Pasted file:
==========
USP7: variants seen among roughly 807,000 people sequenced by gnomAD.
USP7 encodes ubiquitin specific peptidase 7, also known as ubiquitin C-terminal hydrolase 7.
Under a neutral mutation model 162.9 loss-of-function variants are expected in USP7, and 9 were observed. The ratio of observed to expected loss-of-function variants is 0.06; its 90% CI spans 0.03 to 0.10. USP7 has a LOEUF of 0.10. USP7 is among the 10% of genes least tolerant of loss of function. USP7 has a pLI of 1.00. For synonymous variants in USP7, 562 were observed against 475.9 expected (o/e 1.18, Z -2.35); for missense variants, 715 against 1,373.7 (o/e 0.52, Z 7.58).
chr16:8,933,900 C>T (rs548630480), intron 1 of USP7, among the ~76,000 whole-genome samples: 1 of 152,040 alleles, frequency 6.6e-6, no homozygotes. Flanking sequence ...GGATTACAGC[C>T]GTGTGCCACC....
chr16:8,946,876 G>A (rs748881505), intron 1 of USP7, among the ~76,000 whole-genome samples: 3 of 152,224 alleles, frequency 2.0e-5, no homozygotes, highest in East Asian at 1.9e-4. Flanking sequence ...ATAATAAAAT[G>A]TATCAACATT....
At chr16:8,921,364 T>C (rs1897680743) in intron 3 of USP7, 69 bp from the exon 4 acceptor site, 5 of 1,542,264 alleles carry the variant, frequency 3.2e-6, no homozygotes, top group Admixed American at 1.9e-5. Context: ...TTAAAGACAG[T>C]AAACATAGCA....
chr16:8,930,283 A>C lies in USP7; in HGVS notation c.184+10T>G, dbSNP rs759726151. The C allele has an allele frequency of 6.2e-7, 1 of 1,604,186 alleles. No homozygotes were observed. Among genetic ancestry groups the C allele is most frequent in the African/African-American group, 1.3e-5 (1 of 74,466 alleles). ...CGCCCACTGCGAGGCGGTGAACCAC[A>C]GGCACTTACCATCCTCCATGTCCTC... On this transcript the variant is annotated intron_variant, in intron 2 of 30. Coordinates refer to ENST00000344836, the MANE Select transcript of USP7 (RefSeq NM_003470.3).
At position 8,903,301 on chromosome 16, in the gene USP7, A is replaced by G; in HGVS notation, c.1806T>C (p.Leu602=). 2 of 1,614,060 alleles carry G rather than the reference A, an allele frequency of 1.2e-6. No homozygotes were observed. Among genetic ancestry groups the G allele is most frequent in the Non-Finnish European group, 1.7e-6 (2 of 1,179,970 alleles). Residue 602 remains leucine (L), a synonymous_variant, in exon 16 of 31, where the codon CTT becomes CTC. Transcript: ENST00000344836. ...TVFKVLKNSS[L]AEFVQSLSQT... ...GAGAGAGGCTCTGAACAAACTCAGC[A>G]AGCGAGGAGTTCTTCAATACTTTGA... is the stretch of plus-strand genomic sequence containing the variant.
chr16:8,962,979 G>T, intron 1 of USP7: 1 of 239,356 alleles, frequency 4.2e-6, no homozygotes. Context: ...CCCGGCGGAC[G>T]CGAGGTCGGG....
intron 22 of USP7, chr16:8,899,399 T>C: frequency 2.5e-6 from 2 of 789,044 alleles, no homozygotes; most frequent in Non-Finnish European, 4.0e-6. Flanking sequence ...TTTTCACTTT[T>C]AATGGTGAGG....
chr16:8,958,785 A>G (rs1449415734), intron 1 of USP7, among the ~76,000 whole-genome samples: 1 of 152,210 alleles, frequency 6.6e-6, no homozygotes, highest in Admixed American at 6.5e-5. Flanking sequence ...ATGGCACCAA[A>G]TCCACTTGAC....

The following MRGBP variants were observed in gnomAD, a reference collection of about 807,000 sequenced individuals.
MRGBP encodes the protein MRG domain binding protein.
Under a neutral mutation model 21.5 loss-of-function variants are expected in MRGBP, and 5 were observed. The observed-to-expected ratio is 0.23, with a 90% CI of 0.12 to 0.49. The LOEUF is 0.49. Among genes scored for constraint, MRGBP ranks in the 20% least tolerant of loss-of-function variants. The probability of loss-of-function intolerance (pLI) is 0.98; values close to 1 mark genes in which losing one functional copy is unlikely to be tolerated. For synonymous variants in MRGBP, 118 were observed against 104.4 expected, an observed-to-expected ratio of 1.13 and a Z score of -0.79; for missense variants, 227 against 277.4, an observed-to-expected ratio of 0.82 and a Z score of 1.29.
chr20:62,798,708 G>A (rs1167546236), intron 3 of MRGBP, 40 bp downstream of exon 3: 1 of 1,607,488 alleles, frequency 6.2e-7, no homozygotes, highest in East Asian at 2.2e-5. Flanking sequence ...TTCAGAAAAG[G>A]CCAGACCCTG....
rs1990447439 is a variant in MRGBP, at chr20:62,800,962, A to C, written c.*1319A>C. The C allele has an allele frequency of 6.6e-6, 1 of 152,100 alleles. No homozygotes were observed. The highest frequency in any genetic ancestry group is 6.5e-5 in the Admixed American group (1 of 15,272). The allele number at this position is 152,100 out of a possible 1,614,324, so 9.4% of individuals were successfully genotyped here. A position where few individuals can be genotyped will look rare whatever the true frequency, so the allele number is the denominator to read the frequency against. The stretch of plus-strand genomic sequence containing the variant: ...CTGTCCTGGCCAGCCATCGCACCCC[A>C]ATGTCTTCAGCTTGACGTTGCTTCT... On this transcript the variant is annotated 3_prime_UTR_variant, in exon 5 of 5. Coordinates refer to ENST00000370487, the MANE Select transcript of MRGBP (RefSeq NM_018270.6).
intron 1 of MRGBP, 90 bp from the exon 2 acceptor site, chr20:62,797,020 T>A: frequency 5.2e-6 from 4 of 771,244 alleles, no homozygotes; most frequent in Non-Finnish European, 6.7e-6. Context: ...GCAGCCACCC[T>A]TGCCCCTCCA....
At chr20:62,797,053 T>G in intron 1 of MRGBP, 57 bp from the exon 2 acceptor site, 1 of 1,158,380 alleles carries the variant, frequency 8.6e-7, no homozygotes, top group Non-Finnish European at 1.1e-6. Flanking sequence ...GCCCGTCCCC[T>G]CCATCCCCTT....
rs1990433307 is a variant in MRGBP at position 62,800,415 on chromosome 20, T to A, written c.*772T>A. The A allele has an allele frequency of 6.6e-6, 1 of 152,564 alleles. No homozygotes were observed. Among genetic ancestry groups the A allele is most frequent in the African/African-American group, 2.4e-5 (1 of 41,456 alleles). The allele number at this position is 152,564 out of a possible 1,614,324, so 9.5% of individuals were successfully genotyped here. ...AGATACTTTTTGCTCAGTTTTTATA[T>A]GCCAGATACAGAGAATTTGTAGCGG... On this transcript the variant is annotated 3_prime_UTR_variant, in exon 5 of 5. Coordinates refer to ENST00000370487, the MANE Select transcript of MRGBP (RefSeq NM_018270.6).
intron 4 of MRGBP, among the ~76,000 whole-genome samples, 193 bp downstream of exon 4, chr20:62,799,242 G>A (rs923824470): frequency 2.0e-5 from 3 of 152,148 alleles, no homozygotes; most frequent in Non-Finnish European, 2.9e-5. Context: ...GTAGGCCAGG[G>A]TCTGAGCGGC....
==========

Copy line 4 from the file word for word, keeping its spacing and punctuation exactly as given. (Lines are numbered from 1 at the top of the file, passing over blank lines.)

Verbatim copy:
chr16:8,933,900 C>T (rs548630480), intron 1 of USP7, among the ~76,000 whole-genome samples: 1 of 152,040 alleles, frequency 6.6e-6, no homozygotes. Flanking sequence ...GGATTACAGC[C>T]GTGTGCCACC....